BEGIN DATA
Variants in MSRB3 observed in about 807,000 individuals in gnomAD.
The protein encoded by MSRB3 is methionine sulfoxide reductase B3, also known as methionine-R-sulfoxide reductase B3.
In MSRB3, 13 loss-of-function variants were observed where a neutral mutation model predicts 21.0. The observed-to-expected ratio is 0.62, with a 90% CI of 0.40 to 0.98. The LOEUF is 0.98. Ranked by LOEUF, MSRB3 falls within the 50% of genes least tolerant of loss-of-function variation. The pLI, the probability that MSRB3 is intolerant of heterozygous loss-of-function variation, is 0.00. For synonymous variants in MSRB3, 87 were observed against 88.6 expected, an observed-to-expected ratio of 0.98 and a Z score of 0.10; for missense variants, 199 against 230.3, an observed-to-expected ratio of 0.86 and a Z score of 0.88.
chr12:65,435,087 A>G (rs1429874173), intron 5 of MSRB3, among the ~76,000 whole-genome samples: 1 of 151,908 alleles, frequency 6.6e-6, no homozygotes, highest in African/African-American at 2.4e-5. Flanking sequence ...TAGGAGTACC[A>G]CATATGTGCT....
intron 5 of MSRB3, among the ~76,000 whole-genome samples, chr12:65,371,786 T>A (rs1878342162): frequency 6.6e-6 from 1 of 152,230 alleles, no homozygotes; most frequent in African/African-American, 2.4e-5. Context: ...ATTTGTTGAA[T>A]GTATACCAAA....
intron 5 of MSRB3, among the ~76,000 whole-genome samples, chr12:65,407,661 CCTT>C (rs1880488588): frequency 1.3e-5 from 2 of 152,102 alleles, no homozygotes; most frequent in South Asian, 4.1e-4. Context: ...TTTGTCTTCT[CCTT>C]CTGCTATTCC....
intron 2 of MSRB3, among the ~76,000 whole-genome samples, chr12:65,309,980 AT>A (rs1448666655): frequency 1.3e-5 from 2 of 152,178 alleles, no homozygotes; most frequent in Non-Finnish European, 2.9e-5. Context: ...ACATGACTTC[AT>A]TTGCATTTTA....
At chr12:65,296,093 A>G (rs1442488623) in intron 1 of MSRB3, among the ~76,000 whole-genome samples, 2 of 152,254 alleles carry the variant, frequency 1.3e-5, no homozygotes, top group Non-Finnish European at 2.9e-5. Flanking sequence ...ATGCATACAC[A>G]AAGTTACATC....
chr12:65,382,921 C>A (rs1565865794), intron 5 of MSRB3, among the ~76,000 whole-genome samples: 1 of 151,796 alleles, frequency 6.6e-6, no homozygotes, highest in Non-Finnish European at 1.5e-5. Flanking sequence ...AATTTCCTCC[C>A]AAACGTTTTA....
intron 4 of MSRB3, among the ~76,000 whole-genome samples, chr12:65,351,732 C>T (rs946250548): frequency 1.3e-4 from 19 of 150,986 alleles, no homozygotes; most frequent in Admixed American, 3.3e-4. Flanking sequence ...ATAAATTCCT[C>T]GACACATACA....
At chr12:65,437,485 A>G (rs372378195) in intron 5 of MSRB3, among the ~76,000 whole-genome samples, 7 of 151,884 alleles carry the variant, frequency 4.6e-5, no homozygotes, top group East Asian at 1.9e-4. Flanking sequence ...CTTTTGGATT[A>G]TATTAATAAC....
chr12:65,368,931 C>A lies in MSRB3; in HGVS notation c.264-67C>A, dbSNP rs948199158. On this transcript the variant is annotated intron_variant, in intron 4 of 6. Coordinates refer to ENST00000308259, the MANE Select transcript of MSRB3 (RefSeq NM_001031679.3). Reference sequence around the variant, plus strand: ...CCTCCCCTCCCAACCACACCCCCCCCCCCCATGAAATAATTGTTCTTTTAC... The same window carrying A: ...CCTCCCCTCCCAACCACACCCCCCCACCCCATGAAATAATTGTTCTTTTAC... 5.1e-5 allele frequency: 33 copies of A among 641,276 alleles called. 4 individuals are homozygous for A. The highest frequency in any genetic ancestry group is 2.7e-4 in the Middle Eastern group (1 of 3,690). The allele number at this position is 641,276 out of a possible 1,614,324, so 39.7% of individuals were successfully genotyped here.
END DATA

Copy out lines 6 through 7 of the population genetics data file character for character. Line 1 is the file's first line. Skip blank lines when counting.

intron 5 of MSRB3, among the ~76,000 whole-genome samples, chr12:65,407,661 CCTT>C (rs1880488588): frequency 1.3e-5 from 2 of 152,102 alleles, no homozygotes; most frequent in South Asian, 4.1e-4. Context: ...TTTGTCTTCT[CCTT>C]CTGCTATTCC....
intron 2 of MSRB3, among the ~76,000 whole-genome samples, chr12:65,309,980 AT>A (rs1448666655): frequency 1.3e-5 from 2 of 152,178 alleles, no homozygotes; most frequent in Non-Finnish European, 2.9e-5. Context: ...ACATGACTTC[AT>A]TTGCATTTTA....